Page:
The 2012 Nuclear Security Summit in Seoul could have been a watershed moment for nuclear security, but it was largely a review of past successes.
NATO should withdraw the remaining US tactical nuclear weapons deployed in Europe during the Cold War. To advance the discussion of total withdrawal, the upcoming NATO Defense and Deterrence Posture Review should officially announce the numbers and locations of all of these weapons.
Predictions of an imminent Iranian nuclear bomb are extreme, worst-case scenarios that impede the sober pursuit of a diplomatic solution.
The United States can help move the Middle East toward a WMD-free zone, regain leadership in the region, make diplomacy a strategic tool, and stem nuclear proliferation. If only it would.
Uncertainty about a North Korea under Kim Jong-un is endemic. The best way to reduce it is not to engage in idle speculation but to try diplomatic give-and-take.
To make further progress in reducing the number of nuclear weapons, some missions for nuclear weapons need to be eliminated. The most dangerous nuclear mission -- a counterforce attack on the other side's nuclear arsenal, before it is used -- should be the first to go.
If North Korea is serious about talks, can the parties negotiate a comprehensive deal? Yes, they can, should, and must.
The Conference on Disarmament has let Pakistan bottle up a treaty to ban fissile material production for years. The US should help start negotiations -- somewhere else.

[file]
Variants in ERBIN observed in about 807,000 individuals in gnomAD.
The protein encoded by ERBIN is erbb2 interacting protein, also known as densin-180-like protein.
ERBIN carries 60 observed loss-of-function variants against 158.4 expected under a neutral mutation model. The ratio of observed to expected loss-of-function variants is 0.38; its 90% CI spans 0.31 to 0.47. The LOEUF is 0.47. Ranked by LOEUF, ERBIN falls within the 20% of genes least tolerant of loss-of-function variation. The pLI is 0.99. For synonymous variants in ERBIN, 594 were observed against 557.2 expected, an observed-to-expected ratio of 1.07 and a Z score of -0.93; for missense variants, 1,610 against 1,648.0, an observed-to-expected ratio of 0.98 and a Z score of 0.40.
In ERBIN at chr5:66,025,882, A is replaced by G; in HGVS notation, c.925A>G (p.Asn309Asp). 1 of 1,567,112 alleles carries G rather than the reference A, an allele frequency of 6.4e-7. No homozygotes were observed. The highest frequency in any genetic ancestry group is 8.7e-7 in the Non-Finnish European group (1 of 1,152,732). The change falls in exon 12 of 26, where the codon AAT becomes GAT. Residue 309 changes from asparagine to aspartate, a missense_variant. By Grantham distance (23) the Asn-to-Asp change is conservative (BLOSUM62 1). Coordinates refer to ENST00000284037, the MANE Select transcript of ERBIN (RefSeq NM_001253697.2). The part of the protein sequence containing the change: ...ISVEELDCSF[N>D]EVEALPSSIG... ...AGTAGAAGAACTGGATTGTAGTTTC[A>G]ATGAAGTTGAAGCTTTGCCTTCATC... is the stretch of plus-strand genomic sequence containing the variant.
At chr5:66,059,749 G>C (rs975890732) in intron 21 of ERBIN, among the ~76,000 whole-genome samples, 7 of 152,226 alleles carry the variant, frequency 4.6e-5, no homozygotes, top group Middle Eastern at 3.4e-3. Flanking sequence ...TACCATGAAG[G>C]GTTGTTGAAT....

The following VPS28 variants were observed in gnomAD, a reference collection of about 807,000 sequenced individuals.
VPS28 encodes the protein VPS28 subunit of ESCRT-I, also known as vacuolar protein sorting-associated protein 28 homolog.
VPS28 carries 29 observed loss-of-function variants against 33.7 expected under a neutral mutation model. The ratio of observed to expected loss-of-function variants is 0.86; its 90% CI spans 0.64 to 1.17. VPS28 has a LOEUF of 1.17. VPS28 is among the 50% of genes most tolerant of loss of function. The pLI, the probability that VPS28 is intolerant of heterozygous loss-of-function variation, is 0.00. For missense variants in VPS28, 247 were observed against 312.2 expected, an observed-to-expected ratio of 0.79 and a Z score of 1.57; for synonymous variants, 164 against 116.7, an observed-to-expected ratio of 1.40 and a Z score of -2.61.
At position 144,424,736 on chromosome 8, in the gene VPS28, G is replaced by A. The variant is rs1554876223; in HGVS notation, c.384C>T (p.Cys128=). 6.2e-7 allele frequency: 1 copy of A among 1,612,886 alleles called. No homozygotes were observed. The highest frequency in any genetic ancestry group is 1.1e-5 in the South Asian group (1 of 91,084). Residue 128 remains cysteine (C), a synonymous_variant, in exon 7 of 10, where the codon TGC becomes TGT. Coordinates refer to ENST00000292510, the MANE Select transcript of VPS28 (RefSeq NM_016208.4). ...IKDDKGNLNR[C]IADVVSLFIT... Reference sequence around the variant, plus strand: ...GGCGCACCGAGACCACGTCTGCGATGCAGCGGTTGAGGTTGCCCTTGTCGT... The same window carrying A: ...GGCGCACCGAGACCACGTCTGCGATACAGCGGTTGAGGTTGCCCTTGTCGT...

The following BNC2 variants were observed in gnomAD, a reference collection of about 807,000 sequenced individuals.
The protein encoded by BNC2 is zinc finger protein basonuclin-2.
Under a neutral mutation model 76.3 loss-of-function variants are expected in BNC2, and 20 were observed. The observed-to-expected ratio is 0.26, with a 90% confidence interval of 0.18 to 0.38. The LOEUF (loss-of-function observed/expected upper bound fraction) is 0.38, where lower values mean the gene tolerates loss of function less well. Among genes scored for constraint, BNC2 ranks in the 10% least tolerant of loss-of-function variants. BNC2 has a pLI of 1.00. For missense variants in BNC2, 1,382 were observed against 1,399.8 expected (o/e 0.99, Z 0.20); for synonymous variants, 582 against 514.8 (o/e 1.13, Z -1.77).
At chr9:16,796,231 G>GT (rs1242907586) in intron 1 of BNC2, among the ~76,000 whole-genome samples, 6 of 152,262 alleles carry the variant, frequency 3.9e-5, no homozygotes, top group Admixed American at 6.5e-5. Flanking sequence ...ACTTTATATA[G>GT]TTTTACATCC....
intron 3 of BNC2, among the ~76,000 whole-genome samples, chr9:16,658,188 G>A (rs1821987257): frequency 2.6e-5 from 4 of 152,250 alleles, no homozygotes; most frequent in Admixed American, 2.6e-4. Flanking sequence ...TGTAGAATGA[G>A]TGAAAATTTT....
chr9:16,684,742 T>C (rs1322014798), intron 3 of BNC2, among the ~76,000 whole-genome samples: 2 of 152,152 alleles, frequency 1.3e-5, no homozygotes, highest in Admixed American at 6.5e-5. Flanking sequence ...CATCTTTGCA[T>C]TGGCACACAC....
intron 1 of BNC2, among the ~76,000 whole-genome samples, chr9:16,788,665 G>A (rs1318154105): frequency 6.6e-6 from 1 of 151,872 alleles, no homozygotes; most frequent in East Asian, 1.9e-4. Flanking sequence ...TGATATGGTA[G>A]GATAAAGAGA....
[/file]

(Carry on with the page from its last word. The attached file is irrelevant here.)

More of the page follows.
GPS signals can detect atmospheric changes that accompany clandestine nuclear tests. They may also give the US a reason to ratify the Comprehensive Test Ban Treaty.
Why the Hiroshima and Nagasaki bombings and the Fukushima disaster should cause the Japanese government to change policy and support a nuclear weapons convention.
To advance his goals, Obama should issue a directive that explains a new nuclear deterrence plan focused on destroying essential enemy infrastructure.
In times of conflict, both India and Pakistan rely on the United States to provide crisis-management support, but the two countries must find a more sustainable approach.
US national security agencies recognize the seriousness of the climate change threat. Why aren't America's other policymakers responding?
Before leaving office, Defense Secretary Gates criticized European NATO members for not appropriately sharing costs related to alliance defense obligations. His remarks raise an important question: Is it time to reconsider the deployment of nearly 200 US tactical nuclear weapons in Europe?
With bin Laden's death, the United States has the opportunity to shift strategy, take focus off terrorist groups, and re-engage on the real existential threats to the nation.
Debates over the health effects of various radiation doses are obscuring the real issue: No dose is safe or harmless.
The success of the CTBT's global monitoring system in response to the tragedy in Japan has demonstrated its effectiveness in responding to natural disasters, further evidencing its value to US and global security.
In the wake of Fukushima, it may be time to broaden the scope of the Seoul 2012 Nuclear Security Summit to include safety issues as well as security.